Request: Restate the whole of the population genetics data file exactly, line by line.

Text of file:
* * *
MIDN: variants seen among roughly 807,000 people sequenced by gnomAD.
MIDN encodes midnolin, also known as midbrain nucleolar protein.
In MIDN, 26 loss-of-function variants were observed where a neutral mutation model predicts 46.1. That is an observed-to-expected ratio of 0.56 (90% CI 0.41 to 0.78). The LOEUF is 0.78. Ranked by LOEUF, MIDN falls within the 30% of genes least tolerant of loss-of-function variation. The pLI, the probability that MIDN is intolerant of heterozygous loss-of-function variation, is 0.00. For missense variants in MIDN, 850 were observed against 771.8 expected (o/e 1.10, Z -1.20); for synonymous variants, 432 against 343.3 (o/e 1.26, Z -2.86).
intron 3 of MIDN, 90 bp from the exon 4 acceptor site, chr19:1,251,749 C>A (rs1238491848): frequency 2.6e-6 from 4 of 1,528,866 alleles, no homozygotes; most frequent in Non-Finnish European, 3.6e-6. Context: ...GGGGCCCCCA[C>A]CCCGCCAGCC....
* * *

MIDN: variants seen among roughly 807,000 people sequenced by gnomAD.
MIDN encodes midnolin, also known as midbrain nucleolar protein.
In MIDN, 26 loss-of-function variants were observed where a neutral mutation model predicts 46.1. That is an observed-to-expected ratio of 0.56 (90% CI 0.41 to 0.78). The LOEUF is 0.78. Ranked by LOEUF, MIDN falls within the 30% of genes least tolerant of loss-of-function variation. The pLI, the probability that MIDN is intolerant of heterozygous loss-of-function variation, is 0.00. For missense variants in MIDN, 850 were observed against 771.8 expected (o/e 1.10, Z -1.20); for synonymous variants, 432 against 343.3 (o/e 1.26, Z -2.86).
intron 3 of MIDN, 90 bp from the exon 4 acceptor site, chr19:1,251,749 C>A (rs1238491848): frequency 2.6e-6 from 4 of 1,528,866 alleles, no homozygotes; most frequent in Non-Finnish European, 3.6e-6. Context: ...GGGGCCCCCA[C>A]CCCGCCAGCC....